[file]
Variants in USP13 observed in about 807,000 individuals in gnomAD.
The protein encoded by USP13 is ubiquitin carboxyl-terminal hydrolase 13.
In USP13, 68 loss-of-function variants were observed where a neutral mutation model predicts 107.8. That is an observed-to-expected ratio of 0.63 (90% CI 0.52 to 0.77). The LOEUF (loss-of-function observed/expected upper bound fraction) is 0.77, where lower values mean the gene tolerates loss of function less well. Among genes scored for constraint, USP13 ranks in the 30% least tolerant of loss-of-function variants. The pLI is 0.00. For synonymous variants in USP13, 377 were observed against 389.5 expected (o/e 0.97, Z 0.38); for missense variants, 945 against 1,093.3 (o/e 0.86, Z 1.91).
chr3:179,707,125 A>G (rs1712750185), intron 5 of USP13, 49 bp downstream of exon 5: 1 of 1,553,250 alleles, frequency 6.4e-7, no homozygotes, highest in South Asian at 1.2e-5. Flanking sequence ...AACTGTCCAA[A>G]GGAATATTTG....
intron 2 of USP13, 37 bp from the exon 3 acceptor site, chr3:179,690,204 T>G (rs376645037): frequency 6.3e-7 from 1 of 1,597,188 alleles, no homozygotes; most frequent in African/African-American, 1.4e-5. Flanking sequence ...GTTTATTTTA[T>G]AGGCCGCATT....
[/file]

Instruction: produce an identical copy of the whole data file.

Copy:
Variants in USP13 observed in about 807,000 individuals in gnomAD.
The protein encoded by USP13 is ubiquitin carboxyl-terminal hydrolase 13.
In USP13, 68 loss-of-function variants were observed where a neutral mutation model predicts 107.8. That is an observed-to-expected ratio of 0.63 (90% CI 0.52 to 0.77). The LOEUF (loss-of-function observed/expected upper bound fraction) is 0.77, where lower values mean the gene tolerates loss of function less well. Among genes scored for constraint, USP13 ranks in the 30% least tolerant of loss-of-function variants. The pLI is 0.00. For synonymous variants in USP13, 377 were observed against 389.5 expected (o/e 0.97, Z 0.38); for missense variants, 945 against 1,093.3 (o/e 0.86, Z 1.91).
chr3:179,707,125 A>G (rs1712750185), intron 5 of USP13, 49 bp downstream of exon 5: 1 of 1,553,250 alleles, frequency 6.4e-7, no homozygotes, highest in South Asian at 1.2e-5. Flanking sequence ...AACTGTCCAA[A>G]GGAATATTTG....
intron 2 of USP13, 37 bp from the exon 3 acceptor site, chr3:179,690,204 T>G (rs376645037): frequency 6.3e-7 from 1 of 1,597,188 alleles, no homozygotes; most frequent in African/African-American, 1.4e-5. Flanking sequence ...GTTTATTTTA[T>G]AGGCCGCATT....